New York City Businesses Struggling, Cutting Staff after Minimum Wage Increase
NYC business owners say they are forced to cut hours for staff and raise prices
Business owners in New York City say they are struggling to operate since the minimum wage increase to $15 per hour, with some forced to cut staff hours and raise prices for customers.
Other businesses, however, are cutting staff numbers or simply going out of business altogether.
Many business leaders are reporting these changes were unintended consequences of the new minimum wage, which came into effect just over six months ago.
According to the New York State Department of Labor, in June, NYC's unemployment rate was 4.3 percent, compared with New York State’s unemployment rate of 4 percent.
Both figures have remained relatively steady throughout the past year.
According to Fox News, New York City’s minimum wage has increased three times for employers with at least 11 employees in the past three years.
At the end of 2016, the hourly rate rose to $11 from $9 an hour.
In 2018, the minimum wage jumped to $13 from $11 an hour.
The rate will increase to $15 an hour for employers with 10 or fewer workers at the end of 2019.
The current federally mandated minimum wage is $7.25 an hour.
Other states have passed $15-minimum-wage legislation, including Massachusetts, California, Maryland, Illinois, New Jersey, and Connecticut.
Anthony Advincula, a spokesman for Restaurant Opportunities Centers United, which advocated for the $15 minimum wage, said there are other factors beyond higher wages that result in unsuccessful businesses, and owners shouldn’t blame the boost for their struggles.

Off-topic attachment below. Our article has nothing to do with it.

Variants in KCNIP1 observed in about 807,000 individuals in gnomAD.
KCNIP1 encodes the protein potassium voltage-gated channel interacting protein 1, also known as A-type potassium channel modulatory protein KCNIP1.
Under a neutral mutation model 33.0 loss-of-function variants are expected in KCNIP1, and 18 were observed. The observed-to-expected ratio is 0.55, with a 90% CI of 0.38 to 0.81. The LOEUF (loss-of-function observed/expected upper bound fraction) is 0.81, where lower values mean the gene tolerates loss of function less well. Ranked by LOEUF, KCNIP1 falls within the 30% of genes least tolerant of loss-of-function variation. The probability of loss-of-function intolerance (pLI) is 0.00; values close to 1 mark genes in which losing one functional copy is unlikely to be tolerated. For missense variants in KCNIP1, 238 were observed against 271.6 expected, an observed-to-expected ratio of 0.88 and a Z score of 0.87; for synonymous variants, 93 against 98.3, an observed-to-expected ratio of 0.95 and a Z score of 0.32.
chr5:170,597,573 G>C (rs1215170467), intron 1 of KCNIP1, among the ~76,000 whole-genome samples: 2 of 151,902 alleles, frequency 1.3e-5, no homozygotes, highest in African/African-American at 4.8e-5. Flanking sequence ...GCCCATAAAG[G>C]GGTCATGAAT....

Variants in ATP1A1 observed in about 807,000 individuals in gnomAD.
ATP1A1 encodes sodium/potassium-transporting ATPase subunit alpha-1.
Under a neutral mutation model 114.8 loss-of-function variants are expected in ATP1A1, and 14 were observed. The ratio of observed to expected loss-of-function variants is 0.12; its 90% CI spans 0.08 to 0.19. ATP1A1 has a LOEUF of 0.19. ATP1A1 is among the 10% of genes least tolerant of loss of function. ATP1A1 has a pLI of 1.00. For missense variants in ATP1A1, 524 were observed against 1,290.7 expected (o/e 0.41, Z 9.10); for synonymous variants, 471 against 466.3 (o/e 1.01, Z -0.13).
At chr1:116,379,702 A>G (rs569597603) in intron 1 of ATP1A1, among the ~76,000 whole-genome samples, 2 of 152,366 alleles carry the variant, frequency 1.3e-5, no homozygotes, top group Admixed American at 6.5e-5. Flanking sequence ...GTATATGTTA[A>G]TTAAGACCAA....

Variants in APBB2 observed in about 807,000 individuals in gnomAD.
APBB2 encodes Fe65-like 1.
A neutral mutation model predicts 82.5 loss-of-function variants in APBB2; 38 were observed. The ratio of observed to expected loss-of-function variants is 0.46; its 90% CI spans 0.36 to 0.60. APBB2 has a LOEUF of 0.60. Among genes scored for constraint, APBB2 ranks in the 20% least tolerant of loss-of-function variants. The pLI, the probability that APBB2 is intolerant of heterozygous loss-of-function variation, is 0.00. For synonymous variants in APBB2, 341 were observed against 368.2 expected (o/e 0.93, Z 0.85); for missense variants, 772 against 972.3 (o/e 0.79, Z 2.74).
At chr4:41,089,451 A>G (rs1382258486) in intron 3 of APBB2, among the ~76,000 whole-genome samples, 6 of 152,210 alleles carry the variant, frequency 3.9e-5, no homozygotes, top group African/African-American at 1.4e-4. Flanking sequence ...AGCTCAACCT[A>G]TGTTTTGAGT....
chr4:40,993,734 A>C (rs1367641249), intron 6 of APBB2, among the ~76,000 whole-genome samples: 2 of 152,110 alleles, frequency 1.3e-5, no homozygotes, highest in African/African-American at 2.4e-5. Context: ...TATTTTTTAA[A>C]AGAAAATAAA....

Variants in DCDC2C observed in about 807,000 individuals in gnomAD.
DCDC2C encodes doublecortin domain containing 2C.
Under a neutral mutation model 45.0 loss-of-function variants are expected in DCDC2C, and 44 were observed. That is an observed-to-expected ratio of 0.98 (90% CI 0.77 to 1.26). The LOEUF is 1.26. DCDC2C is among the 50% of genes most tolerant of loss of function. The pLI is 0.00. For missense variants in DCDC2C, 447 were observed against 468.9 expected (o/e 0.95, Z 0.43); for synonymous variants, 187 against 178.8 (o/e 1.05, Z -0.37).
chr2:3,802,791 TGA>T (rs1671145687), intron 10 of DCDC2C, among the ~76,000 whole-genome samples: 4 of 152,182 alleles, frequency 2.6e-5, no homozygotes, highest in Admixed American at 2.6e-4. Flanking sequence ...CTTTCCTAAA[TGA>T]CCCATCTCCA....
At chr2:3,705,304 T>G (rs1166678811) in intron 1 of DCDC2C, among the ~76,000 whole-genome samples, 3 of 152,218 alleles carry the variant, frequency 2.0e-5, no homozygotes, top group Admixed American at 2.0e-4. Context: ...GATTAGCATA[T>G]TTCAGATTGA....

“Increasing to $15 would reduce income inequality, and the number of individuals living in poverty now is ridiculously high,” he said.
“This is not just a business issue, this is a race, gender, pay-equality issue.”
Sarah McNally, the owner of McNally Jackson Books, employs 75 people at four shops in Manhattan and Brooklyn.
Ms. McNally said she hasn’t cut hours or reduced the number of people she employs to mitigate the increase, but she is working to open two more shops and scale her workload to stay profitable.
While Ms. McNally said she always has paid her employees at least $5 above minimum wage, January’s increase tightened that gap.
“With raising minimum wage to living wage, it feels now like we’re at the bottom of the pay spectrum,” she said.
“There’s absolutely no benefit to being a retail business in New York.”
Thomas Grech, president of the Queens Chamber of Commerce, said he has seen an uptick in small-business closures during the past six to nine months, and he attributed it to the minimum-wage legislation.
“They’re cutting their staff. They’re cutting their hours. They’re shutting down,” he said.
“It’s not just the rent.”
Lisa Sorin, president of the Bronx Chamber of Commerce, said Manhattan businesses and their customers can afford to pay more to compensate for the wage increase, while those in the surrounding boroughs probably couldn’t.
“It’s almost like a whirlwind of keep up or get out,” Ms. Sorin said.
Restaurants and establishments with customer bases with less disposable income are challenged, but all are experiencing changes in customer habits regardless of the borough, said Andrew Rigie, executive director of the New York City Hospitality Alliance.
To mitigate the challenges restaurants face, Mr. Rigie said, local and state government should consider providing tax incentives to owners and preserve the tip credit, which allows restaurants to count some or all of an employee’s tips toward its minimum wage obligations.
“Many people working in the restaurant industry wanted to work overtime hours, but due to the increase, many restaurants have cut back or totally eliminated any overtime work,” he said.
“There’s only so much consumers are willing to pay for a burger or a bowl of pasta.”